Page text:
When you think of chocolate, do visions of deluxe sundaes, rich, fudgy brownies or lip smacking s’mores come to mind? Or what about a plate of the most chocolaty chocolate chip cookies and a mug of creamy hot cocoa for dunking?
While chocolate traditionally makes for a sweet afternoon snack or a touch of decadence after a meal, in some countries adding chocolate or cocoa to savory dishes is about as commonplace as a teaspoon of salt or a pinch of paprika. Those whose taste buds have benefitted from a dish of chicken with mole sauce know just how exciting things can be when the culinary heat is turned up in this way. With a little imagination, using chocolate or cocoa with its inherently deep, smoky flavor as an ingredient in savory dishes that may include chicken, pork, pasta, chili, as a rub on beef, and much more can transform the predictable to the piquant, with family and friends vying to know the dish on the dish!
Though a rare ingredient indeed, chefs maintain the flavor of chocolate in main dishes should be effectively mingled with more traditional seasonings and other ingredients. A typical example is Mexican mole sauce: a blend of chocolate and chilies, where the former is said to mitigate the pungency of the chilies with the chilies in turn modifying the bitter Mexican chocolate required in the dish.
In France, occasionally duck and game dishes are made with chocolate and in Italy chocolate is incorporated directly into certain pastas, into fillings for dumplings, or even combined with fried eggplant. Spain offers stuffed squid with chocolate sauce among other taste treasures. In most cases, the addition of chocolate is said to thicken whatever dish to which it is added, and turn up the volume much like Worcestershire sauce.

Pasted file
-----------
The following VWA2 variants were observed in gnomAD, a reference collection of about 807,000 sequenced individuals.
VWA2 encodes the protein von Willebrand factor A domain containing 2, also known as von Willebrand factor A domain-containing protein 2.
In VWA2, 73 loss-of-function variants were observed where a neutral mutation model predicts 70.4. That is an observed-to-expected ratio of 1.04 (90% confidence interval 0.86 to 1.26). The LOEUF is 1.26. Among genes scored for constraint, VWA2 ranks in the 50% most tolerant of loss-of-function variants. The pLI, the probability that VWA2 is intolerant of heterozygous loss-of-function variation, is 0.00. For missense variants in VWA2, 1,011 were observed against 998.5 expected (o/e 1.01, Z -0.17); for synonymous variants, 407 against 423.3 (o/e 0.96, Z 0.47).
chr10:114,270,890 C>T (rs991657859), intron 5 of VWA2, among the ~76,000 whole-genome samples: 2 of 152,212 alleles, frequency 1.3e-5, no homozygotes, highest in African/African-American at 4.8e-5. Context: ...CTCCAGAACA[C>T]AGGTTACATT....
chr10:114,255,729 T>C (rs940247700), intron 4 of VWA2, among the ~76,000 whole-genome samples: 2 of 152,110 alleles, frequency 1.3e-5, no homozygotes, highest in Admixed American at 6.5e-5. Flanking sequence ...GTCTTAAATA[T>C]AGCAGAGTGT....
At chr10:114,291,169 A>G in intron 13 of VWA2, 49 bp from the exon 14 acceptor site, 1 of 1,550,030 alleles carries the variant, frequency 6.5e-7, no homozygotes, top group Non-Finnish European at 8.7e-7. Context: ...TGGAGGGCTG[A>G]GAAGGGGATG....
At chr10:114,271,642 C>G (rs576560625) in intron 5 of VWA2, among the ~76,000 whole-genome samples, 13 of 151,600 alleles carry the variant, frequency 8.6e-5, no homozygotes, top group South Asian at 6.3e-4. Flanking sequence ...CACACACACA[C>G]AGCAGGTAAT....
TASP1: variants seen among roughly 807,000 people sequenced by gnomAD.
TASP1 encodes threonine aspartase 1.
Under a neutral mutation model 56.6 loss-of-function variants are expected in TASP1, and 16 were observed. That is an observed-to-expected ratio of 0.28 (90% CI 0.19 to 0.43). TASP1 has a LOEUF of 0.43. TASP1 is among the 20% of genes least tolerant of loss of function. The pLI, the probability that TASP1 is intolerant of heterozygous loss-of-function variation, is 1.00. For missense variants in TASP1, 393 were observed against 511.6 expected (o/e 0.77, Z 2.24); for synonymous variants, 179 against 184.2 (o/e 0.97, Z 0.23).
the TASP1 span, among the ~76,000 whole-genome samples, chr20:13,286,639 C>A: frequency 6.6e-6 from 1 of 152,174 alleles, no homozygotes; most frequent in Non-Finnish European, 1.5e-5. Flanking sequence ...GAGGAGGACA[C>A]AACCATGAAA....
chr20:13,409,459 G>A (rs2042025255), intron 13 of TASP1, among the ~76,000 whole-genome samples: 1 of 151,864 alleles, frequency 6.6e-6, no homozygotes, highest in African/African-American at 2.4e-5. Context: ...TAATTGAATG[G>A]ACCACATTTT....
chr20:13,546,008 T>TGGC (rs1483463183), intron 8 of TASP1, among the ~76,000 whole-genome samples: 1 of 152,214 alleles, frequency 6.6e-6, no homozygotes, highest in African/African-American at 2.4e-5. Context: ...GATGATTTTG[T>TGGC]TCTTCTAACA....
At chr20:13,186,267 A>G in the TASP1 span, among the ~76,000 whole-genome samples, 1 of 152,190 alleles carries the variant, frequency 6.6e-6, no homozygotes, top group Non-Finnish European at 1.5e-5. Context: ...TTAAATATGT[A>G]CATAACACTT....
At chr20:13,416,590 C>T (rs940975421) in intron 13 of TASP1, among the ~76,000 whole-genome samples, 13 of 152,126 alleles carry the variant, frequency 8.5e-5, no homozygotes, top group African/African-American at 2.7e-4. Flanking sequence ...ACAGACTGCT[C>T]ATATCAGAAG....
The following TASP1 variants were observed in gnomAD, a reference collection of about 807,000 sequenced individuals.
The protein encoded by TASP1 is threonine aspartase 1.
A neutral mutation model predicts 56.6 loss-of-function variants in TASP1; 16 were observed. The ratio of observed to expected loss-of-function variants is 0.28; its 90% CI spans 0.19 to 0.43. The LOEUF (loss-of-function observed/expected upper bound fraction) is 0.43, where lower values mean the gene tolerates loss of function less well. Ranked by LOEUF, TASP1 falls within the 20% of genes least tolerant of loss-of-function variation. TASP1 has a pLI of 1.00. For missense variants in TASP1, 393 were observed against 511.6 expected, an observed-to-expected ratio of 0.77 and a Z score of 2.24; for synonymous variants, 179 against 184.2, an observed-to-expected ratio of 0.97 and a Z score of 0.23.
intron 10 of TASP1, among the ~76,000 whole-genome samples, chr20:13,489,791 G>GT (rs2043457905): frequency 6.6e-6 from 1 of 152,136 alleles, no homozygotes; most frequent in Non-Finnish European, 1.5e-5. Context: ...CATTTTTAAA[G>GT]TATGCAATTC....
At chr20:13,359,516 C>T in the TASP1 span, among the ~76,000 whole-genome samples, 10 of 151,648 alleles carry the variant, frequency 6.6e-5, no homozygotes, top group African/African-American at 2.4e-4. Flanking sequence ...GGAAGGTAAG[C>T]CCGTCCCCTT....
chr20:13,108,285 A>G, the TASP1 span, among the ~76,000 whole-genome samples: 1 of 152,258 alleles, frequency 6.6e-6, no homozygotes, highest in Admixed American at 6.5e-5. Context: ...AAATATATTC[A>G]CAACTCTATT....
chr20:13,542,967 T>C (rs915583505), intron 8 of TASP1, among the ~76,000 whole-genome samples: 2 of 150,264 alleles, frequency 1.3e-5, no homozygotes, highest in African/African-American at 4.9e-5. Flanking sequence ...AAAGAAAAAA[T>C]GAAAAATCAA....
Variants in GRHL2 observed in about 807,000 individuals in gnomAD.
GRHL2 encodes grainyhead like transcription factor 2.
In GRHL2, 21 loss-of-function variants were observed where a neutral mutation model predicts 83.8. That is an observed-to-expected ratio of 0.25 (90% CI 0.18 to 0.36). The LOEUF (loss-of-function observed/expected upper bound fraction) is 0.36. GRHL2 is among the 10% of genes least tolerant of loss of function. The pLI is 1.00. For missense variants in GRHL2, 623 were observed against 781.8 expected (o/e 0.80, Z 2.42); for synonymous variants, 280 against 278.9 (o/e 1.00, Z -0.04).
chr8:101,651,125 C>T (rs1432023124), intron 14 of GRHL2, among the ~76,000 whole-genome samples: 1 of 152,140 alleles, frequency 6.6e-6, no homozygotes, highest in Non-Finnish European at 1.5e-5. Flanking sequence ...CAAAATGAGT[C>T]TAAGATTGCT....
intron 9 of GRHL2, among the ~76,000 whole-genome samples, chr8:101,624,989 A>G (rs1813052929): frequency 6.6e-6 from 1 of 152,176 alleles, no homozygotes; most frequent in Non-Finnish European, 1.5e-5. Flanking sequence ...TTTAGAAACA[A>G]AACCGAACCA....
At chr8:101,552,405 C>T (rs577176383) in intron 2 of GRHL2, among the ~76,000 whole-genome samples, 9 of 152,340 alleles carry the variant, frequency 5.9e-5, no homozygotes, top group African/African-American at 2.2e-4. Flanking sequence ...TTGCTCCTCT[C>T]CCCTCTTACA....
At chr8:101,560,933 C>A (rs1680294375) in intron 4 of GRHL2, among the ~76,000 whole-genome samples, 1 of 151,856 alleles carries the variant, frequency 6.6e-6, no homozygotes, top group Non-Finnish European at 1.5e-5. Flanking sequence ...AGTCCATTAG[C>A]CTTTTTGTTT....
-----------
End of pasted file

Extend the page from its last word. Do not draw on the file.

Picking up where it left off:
Try these savory chocolate recipes for a twist on the traditional.
Chocolate Chili Con Carne
3 pounds beef chuck
Freshly ground black pepper
Sea salt, to taste
1/2 teaspoon ground cinnamon, plus 1 teaspoon
1 teaspoon ground cumin, plus 2 teaspoons
2 tablespoons chili powder, plus 2 tablespoons
Masa harina (Mexican corn flour)
1/2 cup extra-virgin olive oil
1/4 cup lard
4 red onions, peeled and minced
6 cloves garlic, minced
4 jalapeño peppers, sliced thin with seeds, stems removed
1/4 cup tomato paste
2 teaspoons dried oregano
2 to 3 (12-ounce) bottles beer
1 (12-ounce) can diced tomato in juices
1 quart chicken stock
3 (12-ounce) cans black beans
2 ounces bittersweet chocolate, cut into large chunks
Cut the chuck into 3/4-inch pieces, or, to save time, have your butcher do this for you. Place chuck in a large bowl. Season liberally with pepper (about 20 turns of the grinder) and salt to taste— remember half of this will come off in the pan. Season with 1/2 teaspoon of the cinnamon, 1 teaspoon of the cumin, and 2 tablespoons of the chili powder. Mix well and coat meat with the masa harina. The flour will thicken the sauce and give it a specific, Mexican taste.
Preheat a cast iron Dutch oven on the stove over medium high heat. Add the olive oil and then the coated meat, spreading it evenly so it covers the bottom of the Dutch oven in one layer. Leave it alone, without turning it, so the meat will brown and caramelize. Meanwhile, add the lard. The meat has a lot of moisture in it so a good amount of steam will come from the pan before it is caramelized. As it browns, slowly turn each piece with tongs.
Once all sides are caramelized, remove meat from the pan with a slotted spoon and place on a cookie sheet to cool, leaving juices in the Dutch oven to sauté vegetables. Add onions and garlic and sauté for 5 minutes over medium heat until they start to caramelize and soften. Add jalapeños and allow to cook for 2 more minutes until soft. Add tomato paste.
Some of the same spices used on the meat will be used in the sauce. Add the remaining 2 teaspoons of cumin, 1 teaspoon of cinnamon, the oregano, and 2 heaping tablespoons of the chili powder. Add beer. Stir to incorporate everything. Add diced tomatoes and stir. Then add the reserved meat. Add chicken stock. Simmer for 1 1/2 hours until meat is wonderfully tender. Drain juice from the black beans, add beans to the chili pot, and bring up to simmer. Then add chunks of bittersweet chocolate. Stir until it melts. Serve immediately or refrigerate for two to three days.